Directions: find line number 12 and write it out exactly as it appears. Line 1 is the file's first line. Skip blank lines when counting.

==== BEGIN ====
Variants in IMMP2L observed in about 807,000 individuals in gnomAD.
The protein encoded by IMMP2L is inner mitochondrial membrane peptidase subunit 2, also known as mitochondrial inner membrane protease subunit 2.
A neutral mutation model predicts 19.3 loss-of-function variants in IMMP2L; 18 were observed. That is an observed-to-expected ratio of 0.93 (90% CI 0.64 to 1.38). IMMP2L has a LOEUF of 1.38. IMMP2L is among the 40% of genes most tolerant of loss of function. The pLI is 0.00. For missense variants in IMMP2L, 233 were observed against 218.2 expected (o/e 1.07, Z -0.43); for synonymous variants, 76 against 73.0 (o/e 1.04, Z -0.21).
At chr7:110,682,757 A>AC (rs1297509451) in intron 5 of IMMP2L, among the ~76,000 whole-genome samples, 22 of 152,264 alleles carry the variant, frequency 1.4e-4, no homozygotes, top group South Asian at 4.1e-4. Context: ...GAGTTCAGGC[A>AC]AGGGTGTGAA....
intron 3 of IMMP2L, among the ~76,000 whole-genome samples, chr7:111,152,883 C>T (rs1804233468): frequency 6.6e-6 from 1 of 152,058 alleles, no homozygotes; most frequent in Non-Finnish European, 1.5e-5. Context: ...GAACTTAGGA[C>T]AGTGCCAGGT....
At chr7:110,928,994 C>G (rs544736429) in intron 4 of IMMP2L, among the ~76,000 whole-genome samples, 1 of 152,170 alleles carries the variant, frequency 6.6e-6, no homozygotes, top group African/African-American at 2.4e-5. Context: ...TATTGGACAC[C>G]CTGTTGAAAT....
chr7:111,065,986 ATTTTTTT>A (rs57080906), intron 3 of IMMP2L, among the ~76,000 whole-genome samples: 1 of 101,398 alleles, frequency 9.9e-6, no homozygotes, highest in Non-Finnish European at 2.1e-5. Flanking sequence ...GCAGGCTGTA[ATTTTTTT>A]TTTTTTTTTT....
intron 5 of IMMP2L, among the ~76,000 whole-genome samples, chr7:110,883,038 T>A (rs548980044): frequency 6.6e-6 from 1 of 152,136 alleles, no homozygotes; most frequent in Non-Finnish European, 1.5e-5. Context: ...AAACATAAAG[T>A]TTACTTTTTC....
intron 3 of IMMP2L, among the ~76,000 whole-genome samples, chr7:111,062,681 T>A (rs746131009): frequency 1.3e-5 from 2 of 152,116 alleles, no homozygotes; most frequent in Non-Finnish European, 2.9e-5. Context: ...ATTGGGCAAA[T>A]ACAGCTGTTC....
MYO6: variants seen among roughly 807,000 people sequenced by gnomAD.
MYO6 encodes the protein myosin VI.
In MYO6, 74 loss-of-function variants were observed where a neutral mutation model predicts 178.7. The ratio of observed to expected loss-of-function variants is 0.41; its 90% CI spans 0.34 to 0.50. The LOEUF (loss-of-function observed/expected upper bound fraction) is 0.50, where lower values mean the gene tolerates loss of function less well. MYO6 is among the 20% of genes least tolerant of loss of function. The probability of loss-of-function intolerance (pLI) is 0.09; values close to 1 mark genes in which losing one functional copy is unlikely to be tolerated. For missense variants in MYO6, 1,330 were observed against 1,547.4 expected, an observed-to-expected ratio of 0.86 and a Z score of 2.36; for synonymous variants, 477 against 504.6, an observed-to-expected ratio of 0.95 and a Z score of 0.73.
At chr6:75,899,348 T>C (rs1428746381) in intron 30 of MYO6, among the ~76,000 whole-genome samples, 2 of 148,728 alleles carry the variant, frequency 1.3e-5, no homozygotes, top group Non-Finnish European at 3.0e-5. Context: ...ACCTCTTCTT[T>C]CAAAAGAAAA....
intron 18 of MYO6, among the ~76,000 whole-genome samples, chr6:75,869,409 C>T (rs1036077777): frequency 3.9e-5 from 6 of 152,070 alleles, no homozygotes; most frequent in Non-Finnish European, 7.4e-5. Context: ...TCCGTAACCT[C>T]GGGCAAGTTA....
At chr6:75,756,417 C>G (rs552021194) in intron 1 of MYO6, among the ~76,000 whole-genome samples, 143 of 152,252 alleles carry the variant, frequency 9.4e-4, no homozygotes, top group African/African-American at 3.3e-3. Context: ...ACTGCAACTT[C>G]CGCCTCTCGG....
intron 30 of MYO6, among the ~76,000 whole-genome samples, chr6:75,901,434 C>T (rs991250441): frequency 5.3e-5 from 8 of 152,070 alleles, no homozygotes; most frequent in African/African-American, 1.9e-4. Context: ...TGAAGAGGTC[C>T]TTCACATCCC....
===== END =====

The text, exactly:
In MYO6, 74 loss-of-function variants were observed where a neutral mutation model predicts 178.7. The ratio of observed to expected loss-of-function variants is 0.41; its 90% CI spans 0.34 to 0.50. The LOEUF (loss-of-function observed/expected upper bound fraction) is 0.50, where lower values mean the gene tolerates loss of function less well. MYO6 is among the 20% of genes least tolerant of loss of function. The probability of loss-of-function intolerance (pLI) is 0.09; values close to 1 mark genes in which losing one functional copy is unlikely to be tolerated. For missense variants in MYO6, 1,330 were observed against 1,547.4 expected, an observed-to-expected ratio of 0.86 and a Z score of 2.36; for synonymous variants, 477 against 504.6, an observed-to-expected ratio of 0.95 and a Z score of 0.73.